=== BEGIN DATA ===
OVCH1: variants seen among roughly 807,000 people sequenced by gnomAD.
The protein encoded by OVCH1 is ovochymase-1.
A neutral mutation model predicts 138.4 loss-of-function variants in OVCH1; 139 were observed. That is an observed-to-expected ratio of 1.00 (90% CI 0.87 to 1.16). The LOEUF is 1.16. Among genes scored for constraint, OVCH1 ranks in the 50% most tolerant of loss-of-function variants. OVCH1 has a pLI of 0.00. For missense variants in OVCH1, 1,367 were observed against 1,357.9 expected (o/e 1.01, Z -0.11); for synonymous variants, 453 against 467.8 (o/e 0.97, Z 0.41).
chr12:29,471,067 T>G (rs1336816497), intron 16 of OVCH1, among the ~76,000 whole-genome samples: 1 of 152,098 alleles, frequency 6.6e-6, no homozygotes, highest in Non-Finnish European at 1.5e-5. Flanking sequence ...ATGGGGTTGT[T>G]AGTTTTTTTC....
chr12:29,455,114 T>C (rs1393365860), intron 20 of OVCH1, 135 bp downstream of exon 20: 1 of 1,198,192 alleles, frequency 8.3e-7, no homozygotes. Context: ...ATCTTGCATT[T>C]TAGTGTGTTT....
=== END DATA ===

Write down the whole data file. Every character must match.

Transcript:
OVCH1: variants seen among roughly 807,000 people sequenced by gnomAD.
The protein encoded by OVCH1 is ovochymase-1.
A neutral mutation model predicts 138.4 loss-of-function variants in OVCH1; 139 were observed. That is an observed-to-expected ratio of 1.00 (90% CI 0.87 to 1.16). The LOEUF is 1.16. Among genes scored for constraint, OVCH1 ranks in the 50% most tolerant of loss-of-function variants. OVCH1 has a pLI of 0.00. For missense variants in OVCH1, 1,367 were observed against 1,357.9 expected (o/e 1.01, Z -0.11); for synonymous variants, 453 against 467.8 (o/e 0.97, Z 0.41).
chr12:29,471,067 T>G (rs1336816497), intron 16 of OVCH1, among the ~76,000 whole-genome samples: 1 of 152,098 alleles, frequency 6.6e-6, no homozygotes, highest in Non-Finnish European at 1.5e-5. Flanking sequence ...ATGGGGTTGT[T>G]AGTTTTTTTC....
chr12:29,455,114 T>C (rs1393365860), intron 20 of OVCH1, 135 bp downstream of exon 20: 1 of 1,198,192 alleles, frequency 8.3e-7, no homozygotes. Context: ...ATCTTGCATT[T>C]TAGTGTGTTT....